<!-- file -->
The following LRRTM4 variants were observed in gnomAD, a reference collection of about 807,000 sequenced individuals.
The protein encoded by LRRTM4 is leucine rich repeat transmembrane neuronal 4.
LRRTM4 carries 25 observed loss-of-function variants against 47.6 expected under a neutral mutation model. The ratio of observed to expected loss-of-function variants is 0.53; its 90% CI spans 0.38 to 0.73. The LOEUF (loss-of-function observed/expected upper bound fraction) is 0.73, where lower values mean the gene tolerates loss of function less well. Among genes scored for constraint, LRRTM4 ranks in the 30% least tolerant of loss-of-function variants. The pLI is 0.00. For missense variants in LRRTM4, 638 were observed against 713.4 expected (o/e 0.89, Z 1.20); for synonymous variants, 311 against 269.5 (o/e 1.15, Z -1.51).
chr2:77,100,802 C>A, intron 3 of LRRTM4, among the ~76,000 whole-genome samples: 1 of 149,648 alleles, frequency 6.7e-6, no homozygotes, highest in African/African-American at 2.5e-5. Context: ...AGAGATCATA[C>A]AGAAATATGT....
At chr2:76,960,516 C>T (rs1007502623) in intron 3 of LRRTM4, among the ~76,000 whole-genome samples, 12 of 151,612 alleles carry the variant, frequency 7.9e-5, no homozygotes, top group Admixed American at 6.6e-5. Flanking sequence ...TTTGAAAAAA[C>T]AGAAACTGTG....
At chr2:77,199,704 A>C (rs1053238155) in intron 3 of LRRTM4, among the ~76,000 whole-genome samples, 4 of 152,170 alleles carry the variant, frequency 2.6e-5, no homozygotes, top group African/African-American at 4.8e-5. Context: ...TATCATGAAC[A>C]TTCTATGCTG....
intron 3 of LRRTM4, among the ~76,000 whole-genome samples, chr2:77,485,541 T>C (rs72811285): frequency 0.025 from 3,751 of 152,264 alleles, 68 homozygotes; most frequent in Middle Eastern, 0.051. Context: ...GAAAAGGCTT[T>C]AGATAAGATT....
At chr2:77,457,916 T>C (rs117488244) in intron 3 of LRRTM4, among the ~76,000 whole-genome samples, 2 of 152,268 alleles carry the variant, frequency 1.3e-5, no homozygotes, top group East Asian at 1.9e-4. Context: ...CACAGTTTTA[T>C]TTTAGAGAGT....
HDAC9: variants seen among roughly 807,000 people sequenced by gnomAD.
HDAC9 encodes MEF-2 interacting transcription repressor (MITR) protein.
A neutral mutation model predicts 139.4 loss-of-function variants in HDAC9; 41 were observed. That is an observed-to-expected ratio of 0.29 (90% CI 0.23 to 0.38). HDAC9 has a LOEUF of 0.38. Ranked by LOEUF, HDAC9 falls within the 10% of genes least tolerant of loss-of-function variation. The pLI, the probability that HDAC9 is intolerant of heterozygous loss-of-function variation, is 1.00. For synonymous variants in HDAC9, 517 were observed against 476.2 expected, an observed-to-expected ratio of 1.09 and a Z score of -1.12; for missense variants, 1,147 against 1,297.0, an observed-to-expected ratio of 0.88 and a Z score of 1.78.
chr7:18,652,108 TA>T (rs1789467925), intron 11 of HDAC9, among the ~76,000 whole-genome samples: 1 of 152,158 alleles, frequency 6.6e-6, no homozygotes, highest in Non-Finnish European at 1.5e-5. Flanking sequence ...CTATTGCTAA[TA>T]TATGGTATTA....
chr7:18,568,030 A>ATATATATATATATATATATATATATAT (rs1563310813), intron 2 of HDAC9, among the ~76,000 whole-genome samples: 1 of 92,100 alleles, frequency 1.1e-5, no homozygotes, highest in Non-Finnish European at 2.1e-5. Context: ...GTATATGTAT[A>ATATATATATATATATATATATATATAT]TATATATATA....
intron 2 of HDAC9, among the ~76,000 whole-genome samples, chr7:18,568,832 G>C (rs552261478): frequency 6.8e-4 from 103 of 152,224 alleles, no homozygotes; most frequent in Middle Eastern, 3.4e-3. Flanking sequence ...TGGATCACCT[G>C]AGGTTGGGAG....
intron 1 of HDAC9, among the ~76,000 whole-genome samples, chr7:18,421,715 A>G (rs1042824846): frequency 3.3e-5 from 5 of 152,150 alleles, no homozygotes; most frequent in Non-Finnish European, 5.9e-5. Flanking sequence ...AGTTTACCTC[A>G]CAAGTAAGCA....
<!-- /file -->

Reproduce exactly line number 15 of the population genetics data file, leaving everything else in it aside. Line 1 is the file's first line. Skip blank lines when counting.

intron 1 of HDAC9, among the ~76,000 whole-genome samples, chr7:18,421,715 A>G (rs1042824846): frequency 3.3e-5 from 5 of 152,150 alleles, no homozygotes; most frequent in Non-Finnish European, 5.9e-5. Flanking sequence ...AGTTTACCTC[A>G]CAAGTAAGCA....